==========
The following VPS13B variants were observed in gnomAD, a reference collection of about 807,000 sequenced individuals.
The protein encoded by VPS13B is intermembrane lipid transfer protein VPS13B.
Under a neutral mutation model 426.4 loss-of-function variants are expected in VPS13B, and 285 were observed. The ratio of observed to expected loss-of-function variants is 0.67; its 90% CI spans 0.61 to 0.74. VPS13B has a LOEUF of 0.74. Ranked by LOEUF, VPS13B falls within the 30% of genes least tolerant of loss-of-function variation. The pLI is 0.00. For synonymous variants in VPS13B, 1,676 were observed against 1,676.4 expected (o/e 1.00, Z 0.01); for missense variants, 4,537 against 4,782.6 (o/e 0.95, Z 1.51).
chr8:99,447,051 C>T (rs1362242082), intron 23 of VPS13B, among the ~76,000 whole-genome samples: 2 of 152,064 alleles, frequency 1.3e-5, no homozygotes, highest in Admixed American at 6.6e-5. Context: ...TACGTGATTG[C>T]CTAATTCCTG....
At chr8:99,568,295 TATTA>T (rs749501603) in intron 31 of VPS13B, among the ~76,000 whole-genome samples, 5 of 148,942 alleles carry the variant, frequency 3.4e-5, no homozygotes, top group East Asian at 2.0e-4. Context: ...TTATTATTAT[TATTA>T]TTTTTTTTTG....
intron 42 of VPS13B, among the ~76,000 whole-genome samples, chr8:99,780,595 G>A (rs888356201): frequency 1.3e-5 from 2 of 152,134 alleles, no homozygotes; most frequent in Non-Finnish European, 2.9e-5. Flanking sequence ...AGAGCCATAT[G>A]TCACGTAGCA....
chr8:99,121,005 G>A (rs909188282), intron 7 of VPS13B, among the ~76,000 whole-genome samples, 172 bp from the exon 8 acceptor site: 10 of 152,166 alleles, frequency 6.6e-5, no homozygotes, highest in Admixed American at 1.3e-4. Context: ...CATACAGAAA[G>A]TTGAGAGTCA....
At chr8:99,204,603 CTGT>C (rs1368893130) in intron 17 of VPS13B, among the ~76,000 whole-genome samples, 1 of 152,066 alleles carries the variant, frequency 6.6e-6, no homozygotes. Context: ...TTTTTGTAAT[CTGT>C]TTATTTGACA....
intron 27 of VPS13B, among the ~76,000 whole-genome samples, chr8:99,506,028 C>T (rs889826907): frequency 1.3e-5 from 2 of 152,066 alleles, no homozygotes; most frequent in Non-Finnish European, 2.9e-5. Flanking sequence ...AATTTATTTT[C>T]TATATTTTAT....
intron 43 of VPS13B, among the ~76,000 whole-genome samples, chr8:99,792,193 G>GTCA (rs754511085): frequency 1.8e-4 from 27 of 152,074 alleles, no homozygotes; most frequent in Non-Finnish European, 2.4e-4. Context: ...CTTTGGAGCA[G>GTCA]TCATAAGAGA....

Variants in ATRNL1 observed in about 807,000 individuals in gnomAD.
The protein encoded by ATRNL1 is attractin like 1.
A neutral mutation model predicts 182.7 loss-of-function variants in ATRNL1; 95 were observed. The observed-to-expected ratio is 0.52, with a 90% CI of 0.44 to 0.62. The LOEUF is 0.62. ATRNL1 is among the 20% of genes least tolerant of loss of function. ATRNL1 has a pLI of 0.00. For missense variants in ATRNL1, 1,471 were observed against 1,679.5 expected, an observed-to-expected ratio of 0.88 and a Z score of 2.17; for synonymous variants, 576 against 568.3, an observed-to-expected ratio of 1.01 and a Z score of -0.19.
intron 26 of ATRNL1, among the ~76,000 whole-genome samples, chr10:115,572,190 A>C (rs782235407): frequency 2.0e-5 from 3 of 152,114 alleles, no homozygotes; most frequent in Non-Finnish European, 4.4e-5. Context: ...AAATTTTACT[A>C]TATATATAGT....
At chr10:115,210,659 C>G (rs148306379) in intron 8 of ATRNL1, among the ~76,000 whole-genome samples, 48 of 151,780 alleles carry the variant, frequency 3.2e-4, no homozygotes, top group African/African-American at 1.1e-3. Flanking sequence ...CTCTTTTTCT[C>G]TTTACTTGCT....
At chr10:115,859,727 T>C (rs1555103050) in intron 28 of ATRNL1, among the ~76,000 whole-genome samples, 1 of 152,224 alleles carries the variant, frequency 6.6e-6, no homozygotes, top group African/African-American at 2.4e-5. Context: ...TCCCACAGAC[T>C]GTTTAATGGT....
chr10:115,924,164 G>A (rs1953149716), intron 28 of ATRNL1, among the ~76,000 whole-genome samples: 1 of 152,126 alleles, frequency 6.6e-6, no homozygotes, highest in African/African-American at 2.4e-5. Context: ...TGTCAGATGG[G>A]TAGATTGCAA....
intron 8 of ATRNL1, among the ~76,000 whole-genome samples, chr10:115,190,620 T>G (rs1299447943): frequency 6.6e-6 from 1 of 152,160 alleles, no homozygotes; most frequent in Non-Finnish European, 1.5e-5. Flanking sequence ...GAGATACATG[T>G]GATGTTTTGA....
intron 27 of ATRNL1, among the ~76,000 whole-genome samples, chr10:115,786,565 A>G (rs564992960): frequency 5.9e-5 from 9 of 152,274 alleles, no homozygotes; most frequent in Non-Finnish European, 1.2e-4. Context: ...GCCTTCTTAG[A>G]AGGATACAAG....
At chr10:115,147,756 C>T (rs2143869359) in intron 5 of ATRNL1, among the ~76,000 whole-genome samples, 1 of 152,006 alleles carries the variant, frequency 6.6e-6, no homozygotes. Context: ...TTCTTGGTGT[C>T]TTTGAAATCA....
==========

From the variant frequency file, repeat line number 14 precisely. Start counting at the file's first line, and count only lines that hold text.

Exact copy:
intron 26 of ATRNL1, among the ~76,000 whole-genome samples, chr10:115,572,190 A>C (rs782235407): frequency 2.0e-5 from 3 of 152,114 alleles, no homozygotes; most frequent in Non-Finnish European, 4.4e-5. Context: ...AAATTTTACT[A>C]TATATATAGT....